First, I saw you, your smart face impassive, eyes taking in the gallery, your form slender in your camel colored coat, forced ringlets dropping past your shoulders. Then you, her mister, five feet away, your right shoulder to her back, your indoor broad-brimmed hat darkening your pallid face, long hair tucked in your collar, intent on your scrolling text. When she turned and walked, a tiny pause, then you swung round to follow.
“I will not look, not chance a glance at these narcissistic outpourings. A century gone, what is this revolting old man to me? This is for you: I am here for you, it is you I am tied to, I am your dark shadow, my movements tracking yours, we are linked, us, by photon marionette strings.”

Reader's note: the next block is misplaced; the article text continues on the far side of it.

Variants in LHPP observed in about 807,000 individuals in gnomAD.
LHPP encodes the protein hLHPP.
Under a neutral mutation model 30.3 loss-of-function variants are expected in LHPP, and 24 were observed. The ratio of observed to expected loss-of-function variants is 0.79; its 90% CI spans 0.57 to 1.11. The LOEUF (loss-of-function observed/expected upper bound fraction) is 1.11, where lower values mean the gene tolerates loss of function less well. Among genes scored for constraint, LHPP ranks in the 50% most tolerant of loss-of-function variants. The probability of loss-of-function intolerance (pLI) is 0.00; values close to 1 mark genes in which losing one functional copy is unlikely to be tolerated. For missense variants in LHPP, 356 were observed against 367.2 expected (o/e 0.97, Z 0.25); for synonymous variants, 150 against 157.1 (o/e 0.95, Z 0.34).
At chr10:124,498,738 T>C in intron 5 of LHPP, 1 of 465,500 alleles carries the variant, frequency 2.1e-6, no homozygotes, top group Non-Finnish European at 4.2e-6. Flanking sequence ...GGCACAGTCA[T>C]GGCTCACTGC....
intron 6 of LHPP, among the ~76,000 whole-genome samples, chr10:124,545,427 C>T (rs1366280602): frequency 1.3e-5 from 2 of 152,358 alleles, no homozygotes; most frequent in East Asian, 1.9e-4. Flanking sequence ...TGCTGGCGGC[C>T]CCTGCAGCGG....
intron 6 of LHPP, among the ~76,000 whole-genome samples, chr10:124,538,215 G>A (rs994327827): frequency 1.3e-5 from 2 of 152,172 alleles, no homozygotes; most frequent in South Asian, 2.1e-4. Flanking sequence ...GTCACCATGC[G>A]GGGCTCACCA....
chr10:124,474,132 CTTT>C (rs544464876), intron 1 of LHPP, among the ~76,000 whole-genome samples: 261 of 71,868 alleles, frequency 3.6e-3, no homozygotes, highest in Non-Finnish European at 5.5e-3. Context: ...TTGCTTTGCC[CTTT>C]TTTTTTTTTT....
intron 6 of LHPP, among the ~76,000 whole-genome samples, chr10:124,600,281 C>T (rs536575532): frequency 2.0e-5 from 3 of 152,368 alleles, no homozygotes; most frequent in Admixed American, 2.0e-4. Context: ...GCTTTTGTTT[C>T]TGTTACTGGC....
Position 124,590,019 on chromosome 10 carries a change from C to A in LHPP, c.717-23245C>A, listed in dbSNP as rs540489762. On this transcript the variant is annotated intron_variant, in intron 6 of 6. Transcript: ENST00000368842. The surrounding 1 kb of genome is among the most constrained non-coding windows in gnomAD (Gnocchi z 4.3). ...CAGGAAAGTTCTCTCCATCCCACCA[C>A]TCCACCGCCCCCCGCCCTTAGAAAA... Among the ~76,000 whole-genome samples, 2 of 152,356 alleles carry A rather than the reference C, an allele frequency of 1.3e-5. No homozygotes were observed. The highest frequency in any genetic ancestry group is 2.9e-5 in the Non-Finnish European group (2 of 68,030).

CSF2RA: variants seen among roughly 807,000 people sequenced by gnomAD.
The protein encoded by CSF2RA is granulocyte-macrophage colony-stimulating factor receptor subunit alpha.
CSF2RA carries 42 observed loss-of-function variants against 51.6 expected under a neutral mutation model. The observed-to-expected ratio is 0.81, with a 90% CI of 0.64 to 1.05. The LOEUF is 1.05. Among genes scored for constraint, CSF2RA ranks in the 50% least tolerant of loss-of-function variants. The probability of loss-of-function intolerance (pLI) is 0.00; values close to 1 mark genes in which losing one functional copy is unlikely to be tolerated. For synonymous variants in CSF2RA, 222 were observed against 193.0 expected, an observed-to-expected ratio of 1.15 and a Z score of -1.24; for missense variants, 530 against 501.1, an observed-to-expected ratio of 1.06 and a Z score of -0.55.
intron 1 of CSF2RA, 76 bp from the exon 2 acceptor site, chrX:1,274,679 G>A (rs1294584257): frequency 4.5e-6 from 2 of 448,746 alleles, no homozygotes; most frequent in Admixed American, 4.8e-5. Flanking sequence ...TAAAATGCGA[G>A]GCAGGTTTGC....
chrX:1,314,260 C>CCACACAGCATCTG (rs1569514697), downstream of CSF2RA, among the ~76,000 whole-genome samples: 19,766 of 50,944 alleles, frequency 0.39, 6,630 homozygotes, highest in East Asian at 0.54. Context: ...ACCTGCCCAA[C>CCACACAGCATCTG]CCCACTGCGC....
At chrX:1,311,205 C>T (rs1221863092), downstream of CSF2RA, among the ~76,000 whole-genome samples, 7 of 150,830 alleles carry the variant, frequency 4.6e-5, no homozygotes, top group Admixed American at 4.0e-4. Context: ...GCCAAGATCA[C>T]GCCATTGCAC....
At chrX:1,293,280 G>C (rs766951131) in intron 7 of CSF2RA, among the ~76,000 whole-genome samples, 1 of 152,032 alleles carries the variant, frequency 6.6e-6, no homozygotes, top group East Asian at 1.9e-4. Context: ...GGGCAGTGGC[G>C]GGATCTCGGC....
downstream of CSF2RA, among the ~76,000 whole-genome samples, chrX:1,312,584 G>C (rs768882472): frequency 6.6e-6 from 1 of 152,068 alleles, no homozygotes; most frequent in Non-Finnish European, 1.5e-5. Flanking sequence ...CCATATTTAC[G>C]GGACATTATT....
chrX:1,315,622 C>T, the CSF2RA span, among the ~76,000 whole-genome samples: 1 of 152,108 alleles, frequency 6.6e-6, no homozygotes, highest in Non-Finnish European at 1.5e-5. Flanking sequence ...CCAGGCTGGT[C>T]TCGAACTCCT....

A flicker of memory. In the closing hours of the Millennium Dome, I came across two Ladies. Their collared slaves feigned disobedience, not walking to heel but tugging at the end of their leashes, their faces masks of chosen silliness.
“I learned that you drew before walking, were an Old Master by five. A child, your skill shamed your father into abandoning his profession. Here is but the barest cameo, a small snapshot of your intense love affair with paper, and still it exhausts me. To be the greatest, ever, must you have been a man? Did your vast ability need still the certainties of patriarchy, to possess so utterly objects, lovers, daughters as blank slates for your self image, or to reach in and pull out their souls as blocky excrescence?”
At rest, your missus is always perpendicular to your line of sight. She moves off, giving no summons. You return no acknowledgement, do not look up or right, remain intent on your phone. You stand for the briefest moment, before the invisible coupling engages. Trailer-hitched, you set off after, a constant neat knight’s move behind your queen.
“Picasso and paper” exhibition at the Royal Academy.